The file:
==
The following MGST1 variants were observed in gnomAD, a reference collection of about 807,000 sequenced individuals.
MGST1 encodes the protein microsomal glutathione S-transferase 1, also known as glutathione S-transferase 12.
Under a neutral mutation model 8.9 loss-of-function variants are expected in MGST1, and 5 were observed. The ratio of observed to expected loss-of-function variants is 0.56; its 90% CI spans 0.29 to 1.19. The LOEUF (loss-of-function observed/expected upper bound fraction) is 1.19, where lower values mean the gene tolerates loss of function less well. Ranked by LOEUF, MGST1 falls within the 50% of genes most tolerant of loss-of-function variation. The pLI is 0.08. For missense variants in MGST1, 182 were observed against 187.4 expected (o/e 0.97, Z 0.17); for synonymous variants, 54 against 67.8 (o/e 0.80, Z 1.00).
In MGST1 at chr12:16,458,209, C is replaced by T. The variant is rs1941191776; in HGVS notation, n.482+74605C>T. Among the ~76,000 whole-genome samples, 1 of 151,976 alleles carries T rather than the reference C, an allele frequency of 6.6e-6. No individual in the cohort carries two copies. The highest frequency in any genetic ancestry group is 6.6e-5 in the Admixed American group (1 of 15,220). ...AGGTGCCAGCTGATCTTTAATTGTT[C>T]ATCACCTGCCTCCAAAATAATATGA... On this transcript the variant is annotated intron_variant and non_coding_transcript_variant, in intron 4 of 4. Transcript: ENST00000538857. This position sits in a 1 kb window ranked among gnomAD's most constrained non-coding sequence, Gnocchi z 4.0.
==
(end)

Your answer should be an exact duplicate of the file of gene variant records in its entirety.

The following MGST1 variants were observed in gnomAD, a reference collection of about 807,000 sequenced individuals.
MGST1 encodes the protein microsomal glutathione S-transferase 1, also known as glutathione S-transferase 12.
Under a neutral mutation model 8.9 loss-of-function variants are expected in MGST1, and 5 were observed. The ratio of observed to expected loss-of-function variants is 0.56; its 90% CI spans 0.29 to 1.19. The LOEUF (loss-of-function observed/expected upper bound fraction) is 1.19, where lower values mean the gene tolerates loss of function less well. Ranked by LOEUF, MGST1 falls within the 50% of genes most tolerant of loss-of-function variation. The pLI is 0.08. For missense variants in MGST1, 182 were observed against 187.4 expected (o/e 0.97, Z 0.17); for synonymous variants, 54 against 67.8 (o/e 0.80, Z 1.00).
In MGST1 at chr12:16,458,209, C is replaced by T. The variant is rs1941191776; in HGVS notation, n.482+74605C>T. Among the ~76,000 whole-genome samples, 1 of 151,976 alleles carries T rather than the reference C, an allele frequency of 6.6e-6. No individual in the cohort carries two copies. The highest frequency in any genetic ancestry group is 6.6e-5 in the Admixed American group (1 of 15,220). ...AGGTGCCAGCTGATCTTTAATTGTT[C>T]ATCACCTGCCTCCAAAATAATATGA... On this transcript the variant is annotated intron_variant and non_coding_transcript_variant, in intron 4 of 4. Transcript: ENST00000538857. This position sits in a 1 kb window ranked among gnomAD's most constrained non-coding sequence, Gnocchi z 4.0.